“If these negotiations fail and it ends up in court, we don’t want to be on the hook,” said Puna Councilwoman Eileen O’Hara. “The county could be held liable for many millions of dollars.”

“You can’t just willy-nilly say we’re going to cancel the contract for our convenience,” added Hilo Councilman Aaron Chung.

Council members also see the compost facility as an important part of the county’s solid waste management plan. Chung called the concept “transformative.”

“We’re going to be turning rock into arable land,” Chung said.

Two former council members urged the council to keep the project moving forward, while finding a better place to put it. The West Hawaii landfill at Puuanahulau would be one place to put it, but the lack of potable water is a hindrance, the administration has said.

Former Kohala Councilwoman Margaret Wille said the dry side of the island would welcome the facility as a source of soil amendments to hold precious water, provided there’s sufficient buffer from communities.

“Realize how important compost is to the future of the island,” Wille said. “North Kohala wanted a composting facility here, Waikoloa wanted a composting facility there and people in Hamakua.”

“That community has literally been dumped on for decades,” said former South Kona/Ka‘u Councilwoman Brenda Ford, adding, “When the county signs a contract, our word should be gold.”

Resolution 134 gives the council authority to spend up to $50,000 on an outside attorney to evaluate the composting contract and county liability if the contract is canceled. Resolution 135 is a nonbinding resolution urging the mayor to rescind the notice of termination. Both passed 9-0.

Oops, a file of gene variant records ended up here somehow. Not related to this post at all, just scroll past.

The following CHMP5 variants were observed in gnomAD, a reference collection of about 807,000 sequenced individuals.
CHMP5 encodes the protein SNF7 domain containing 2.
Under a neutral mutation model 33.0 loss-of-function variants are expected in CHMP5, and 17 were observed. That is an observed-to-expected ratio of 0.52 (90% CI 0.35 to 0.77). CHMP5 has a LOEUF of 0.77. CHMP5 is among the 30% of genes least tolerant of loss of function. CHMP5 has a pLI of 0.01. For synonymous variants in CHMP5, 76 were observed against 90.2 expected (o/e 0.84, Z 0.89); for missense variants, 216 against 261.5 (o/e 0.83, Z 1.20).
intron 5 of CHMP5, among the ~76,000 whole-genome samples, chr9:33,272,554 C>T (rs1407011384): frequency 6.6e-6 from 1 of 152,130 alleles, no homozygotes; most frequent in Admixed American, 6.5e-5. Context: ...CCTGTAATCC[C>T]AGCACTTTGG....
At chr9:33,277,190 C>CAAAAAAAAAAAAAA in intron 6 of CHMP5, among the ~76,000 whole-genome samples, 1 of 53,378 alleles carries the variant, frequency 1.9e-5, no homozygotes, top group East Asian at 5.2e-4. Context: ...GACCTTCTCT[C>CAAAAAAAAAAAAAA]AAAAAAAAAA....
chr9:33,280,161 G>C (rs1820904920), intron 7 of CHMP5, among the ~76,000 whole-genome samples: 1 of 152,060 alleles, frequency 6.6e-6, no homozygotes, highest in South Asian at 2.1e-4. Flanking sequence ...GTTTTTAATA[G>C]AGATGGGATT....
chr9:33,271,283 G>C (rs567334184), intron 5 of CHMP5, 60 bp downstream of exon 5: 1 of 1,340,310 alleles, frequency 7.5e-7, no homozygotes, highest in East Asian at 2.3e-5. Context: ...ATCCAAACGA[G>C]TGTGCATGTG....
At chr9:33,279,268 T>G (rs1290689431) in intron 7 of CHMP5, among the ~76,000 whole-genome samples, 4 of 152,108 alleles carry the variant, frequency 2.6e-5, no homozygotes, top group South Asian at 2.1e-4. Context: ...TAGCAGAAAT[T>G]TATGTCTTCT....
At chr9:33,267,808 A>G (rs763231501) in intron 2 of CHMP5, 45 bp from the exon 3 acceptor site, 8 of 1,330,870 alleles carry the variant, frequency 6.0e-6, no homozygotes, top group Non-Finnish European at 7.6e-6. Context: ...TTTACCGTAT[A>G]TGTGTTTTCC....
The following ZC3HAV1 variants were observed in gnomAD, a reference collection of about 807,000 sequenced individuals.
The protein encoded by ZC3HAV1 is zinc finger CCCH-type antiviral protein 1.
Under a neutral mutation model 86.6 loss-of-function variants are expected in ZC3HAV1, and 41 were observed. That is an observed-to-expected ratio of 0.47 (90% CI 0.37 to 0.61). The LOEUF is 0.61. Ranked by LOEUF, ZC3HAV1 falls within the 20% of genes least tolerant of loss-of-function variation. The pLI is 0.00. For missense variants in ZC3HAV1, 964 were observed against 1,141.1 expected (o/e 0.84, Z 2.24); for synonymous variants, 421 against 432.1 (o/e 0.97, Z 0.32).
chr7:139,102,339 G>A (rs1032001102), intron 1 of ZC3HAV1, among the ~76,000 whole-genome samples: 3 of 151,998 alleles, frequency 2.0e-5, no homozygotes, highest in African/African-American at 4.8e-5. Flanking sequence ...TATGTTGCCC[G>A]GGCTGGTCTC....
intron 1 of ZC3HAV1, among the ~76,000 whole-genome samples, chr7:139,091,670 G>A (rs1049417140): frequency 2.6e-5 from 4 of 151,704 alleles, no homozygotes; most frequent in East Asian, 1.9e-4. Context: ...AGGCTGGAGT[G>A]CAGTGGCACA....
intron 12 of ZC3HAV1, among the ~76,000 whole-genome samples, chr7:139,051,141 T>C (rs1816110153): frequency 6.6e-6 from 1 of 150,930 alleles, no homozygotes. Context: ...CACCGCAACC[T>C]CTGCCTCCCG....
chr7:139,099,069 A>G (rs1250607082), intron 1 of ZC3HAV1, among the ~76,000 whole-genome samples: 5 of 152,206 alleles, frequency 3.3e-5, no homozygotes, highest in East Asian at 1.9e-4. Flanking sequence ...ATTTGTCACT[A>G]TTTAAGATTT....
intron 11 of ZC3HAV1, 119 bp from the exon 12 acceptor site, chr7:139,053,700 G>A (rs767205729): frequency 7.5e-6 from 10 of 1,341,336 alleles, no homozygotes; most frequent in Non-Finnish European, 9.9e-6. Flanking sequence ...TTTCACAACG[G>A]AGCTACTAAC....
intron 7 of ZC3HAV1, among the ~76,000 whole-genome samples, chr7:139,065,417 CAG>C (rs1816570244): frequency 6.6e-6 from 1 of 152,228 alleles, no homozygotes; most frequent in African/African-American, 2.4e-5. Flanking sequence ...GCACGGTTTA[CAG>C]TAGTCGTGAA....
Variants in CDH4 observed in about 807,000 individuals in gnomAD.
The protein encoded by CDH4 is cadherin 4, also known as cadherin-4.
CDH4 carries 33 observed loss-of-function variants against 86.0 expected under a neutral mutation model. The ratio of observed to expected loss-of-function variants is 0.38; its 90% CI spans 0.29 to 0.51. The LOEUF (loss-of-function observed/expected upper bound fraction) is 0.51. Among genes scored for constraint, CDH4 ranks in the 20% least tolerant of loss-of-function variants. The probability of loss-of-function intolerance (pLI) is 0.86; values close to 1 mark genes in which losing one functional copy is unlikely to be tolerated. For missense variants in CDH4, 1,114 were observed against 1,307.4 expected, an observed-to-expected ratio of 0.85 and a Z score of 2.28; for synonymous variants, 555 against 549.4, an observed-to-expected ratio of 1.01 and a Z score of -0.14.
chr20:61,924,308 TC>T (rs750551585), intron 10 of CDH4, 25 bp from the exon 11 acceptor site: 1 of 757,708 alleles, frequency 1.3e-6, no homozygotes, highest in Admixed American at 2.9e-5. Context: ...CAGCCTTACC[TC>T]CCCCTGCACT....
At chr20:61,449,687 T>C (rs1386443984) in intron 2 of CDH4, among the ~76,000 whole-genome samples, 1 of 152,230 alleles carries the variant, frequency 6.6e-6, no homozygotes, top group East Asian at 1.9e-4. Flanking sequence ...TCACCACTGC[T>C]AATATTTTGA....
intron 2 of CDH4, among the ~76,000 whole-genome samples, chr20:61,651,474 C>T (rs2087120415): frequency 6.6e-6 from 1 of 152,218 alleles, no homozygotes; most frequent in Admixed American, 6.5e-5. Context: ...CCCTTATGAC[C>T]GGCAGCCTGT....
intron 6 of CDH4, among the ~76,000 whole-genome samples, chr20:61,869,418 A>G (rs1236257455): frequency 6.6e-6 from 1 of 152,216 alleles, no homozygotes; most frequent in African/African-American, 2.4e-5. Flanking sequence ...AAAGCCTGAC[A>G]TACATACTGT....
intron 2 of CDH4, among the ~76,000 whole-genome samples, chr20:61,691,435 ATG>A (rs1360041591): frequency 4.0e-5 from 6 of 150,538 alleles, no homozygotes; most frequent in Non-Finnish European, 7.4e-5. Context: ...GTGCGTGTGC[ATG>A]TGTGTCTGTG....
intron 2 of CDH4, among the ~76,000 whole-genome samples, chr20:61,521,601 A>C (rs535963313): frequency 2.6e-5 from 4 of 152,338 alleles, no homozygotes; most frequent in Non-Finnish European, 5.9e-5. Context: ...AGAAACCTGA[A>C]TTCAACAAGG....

Resolution 101 would give the administration permission to go out for new bids on a composting project. Rather than killing the resolution outright as was voted in committee, the council postponed the measure for two weeks, forcing the administration to come back with an update on contract negotiations.

“This in my eyes is a unified attempt to engage not only the community but it also engages this body and engages the mayor and his department heads,” said South Kona/Ka‘u Councilwoman Maile David, “for the betterment of the community.”

Testifiers showed maps, described rain forests and talked about annual rainfall. Longtime resident Luahiwa Namahoe pointed out the swath of rain forest in the Keaukaha and Panaewa region steadily consumed by developments. In particular, she noted, the Hilo landfill, the airport, a Mass Transit baseyard and a drag strip have eaten into the forest.

“I grew up surrounded by other people’s waste,” she said.

Wallace Ishibashi, a member of the board for the Department of Hawaiian Home Lands who was born and raised in Keaukaha, said he’s always been pro-development as a longtime labor leader. But development doesn’t always have to be to the disadvantage of Native Hawaiians, he said.


“How we used to develop our lungs was to hold our breath as we passed the sewer plant,” Ishibashi said. “Hawaiians are giving people. We give and give and give and give and give. But it’s growing thin.”

Email Nancy Cook Lauer at